I remember our first time in the lab and being separated based off of our prior experiences and capabilities. Seeming as I have trouble doing the basics, I was in the inexperienced side of the room and felt a bit of a divide but those feelings quickly faded after realizing that we all needed each other to make the website come together. If ever one of us fell a little behind, there was always another student who would more than willingly come to the rescue.  
      Everyones dedication surpassed my expectations and I couldn't be more proud to have been a part of such a timeless project. I've already shown it around to a few of my friends, and I can't wait for more people to hear about and use our website as a resource! 

Friday, December 7, 2012

Showing Off Our Skills

    This quarter I learned a lot about many different queer artists in Los Angeles, and I feel the website only furthers my knowledge on those artists. I was excited to see how the finished product of the website would come out, and I must say that I am impressed. Each and every one of us rocked our pages. Even with the technical difficulties of videos either not playing or not showing up for some of us, we all did a wonderful job. I was very pleased to hear about all of the many different artists and the various mediums of art that were focused on. I think that we did a good job with not only getting artists names out there, but also expressing that artwork can take many different forms, from photography, to film making, to poetry; art can be anything you make it.
    Though I enjoyed hearing my classmates talk about their artists, I do wish more people showed up to see the website. I truly believe that this website project is a great work of activism that needs to be shared with as many people as possible. There are so many individuals in Los Angeles that need to be able to experience the issues some of these artists raise, and I think that by advocating for our website we can get a lot of those people to learn something new. I hope that those who were not able to make it on Wednesday to experience our website gets the opportunity to stumble upon what we all worked so hard to create.

Artist Presentations

Aside from the awesome finished product of the website that we got to see on Wednesday, I also really enjoyed everyone's presentations. Each queer Los Angeles artist had a uniqueness to their work. For example, Monica Palacios' work as a performance artist (from what I saw in the clip) was phenomenal and hilarious. Her story about how her parents have two lesbian daughters and how their lives should be turned into a soap opera made the whole class laugh.I also like the dramatic humor and home-footage feel from Vaginal Davis' performance art. Lastly, another artist that stood out to me was Luis Alfaro and the video clip recording him saying his poem. The poem was about being queer and being Chicano and the intersections of those two identities. I thought these three artists in particular, although the rest were equally as great, represented what our class was all about in terms of expressions of art and homosexuality. Additionally, when my peers shared their experiences of working on the website project, it seemed like we could all relate and said similar things. Many people said they struggled with photoshop, dreamweaver, and putting it all together, but once it all came together it was well worth the frustration. I definitely agree and had an amazing time working on this project with everyone. Thank you Professor Alma!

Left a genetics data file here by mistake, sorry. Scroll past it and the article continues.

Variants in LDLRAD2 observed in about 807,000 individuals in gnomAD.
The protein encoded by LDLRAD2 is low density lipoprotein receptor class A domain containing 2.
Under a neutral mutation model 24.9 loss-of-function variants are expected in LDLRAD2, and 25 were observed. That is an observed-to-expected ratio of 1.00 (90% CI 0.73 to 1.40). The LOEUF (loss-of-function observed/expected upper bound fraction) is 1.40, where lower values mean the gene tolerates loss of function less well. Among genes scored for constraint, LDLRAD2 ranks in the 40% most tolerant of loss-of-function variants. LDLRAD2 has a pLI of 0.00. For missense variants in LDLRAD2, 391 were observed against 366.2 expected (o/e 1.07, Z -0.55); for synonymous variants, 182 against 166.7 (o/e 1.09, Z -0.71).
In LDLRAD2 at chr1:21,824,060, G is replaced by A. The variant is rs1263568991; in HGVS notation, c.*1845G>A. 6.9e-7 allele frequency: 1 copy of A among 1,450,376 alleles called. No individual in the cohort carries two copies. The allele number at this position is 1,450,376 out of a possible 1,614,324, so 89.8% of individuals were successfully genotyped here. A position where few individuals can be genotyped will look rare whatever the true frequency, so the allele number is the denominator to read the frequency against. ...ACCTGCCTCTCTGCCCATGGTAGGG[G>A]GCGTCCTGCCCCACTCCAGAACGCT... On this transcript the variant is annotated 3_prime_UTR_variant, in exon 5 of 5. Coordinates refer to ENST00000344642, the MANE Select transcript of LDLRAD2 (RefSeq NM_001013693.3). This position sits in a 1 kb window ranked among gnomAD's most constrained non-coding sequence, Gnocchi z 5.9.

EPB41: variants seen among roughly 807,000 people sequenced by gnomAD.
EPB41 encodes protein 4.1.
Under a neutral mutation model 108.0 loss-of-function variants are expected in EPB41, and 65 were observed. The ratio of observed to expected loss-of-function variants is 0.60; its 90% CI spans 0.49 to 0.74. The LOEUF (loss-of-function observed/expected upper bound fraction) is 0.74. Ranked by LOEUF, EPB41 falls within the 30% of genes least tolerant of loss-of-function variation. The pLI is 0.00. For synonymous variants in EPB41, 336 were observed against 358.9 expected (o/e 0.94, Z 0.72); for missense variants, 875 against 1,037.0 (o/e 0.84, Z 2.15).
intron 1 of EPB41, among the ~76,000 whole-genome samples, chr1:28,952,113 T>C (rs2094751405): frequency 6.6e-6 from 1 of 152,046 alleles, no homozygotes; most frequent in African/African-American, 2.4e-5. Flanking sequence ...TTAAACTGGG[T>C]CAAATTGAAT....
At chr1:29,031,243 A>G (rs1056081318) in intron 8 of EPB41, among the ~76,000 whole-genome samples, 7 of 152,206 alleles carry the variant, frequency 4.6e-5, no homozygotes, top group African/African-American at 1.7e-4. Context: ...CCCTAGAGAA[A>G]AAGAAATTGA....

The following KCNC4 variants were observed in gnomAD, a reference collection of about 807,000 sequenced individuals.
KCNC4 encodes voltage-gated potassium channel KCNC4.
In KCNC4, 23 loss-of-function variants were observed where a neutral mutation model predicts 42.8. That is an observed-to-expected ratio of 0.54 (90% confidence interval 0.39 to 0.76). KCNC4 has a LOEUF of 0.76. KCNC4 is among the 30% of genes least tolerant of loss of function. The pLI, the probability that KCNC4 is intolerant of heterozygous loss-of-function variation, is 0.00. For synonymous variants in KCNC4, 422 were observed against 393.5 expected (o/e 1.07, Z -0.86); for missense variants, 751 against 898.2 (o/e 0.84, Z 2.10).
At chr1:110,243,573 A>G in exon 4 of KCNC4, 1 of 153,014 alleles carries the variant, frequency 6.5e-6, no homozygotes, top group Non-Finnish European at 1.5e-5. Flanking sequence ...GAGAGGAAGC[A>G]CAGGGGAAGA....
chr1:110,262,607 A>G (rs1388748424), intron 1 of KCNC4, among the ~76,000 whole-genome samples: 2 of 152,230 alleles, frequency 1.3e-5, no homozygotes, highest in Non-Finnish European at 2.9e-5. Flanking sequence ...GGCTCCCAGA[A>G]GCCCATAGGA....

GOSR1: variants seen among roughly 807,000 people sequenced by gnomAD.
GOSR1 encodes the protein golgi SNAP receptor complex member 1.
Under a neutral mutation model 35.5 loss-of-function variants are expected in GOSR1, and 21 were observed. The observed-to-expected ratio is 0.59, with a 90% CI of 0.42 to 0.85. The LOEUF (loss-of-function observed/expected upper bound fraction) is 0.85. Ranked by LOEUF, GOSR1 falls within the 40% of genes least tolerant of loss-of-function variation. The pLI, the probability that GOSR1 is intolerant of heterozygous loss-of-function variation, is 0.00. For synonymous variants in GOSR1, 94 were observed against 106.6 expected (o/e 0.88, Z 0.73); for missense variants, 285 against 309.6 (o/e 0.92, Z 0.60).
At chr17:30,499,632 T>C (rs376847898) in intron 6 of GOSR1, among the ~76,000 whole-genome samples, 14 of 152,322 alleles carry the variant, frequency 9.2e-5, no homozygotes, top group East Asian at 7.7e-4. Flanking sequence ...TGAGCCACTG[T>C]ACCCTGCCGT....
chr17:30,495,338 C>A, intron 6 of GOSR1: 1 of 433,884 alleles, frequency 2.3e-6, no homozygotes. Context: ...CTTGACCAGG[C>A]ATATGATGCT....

Thursday, December 6, 2012

The Presentation

In today’s presentation we showed what we did in this class, Queer Arts in Los Angeles during this quarter. When we first entered into the classroom, the only concept we had was a vague image of queer. I didn’t know what exactly queer meant. Reading several books such as Art and Homosexuality, When We Were Outlaws and Relocations, I foundd myself in the middle of the current discourse on queer. The relations between homosexuality and art are so complicated that they can be categorized in a form of matrix. From Jeanne Cordova’s book and Karen Tongson’s book, I realized those activists struggle to put queer in the right place. On Monday’s class, we discussed the book assigned on that day, or the professor gave us a lecture about aesthetical practices that take place these days, or historical events related to queer activism. What drew my attention the most, however, was Wednesday’s class in Young Research Library. In the class, we were activists who gathered information on artists and presented them on the web to introduce not well-known queer artists. The presentation that we had today was worthy in that way. It was another way of letting people know what queer art is and what queer is. I was proud of all of my classmates and want to say special thanks to Professor Lopez for her good teaching. I could learn life knowledge not just from books but also from being an activist on my own.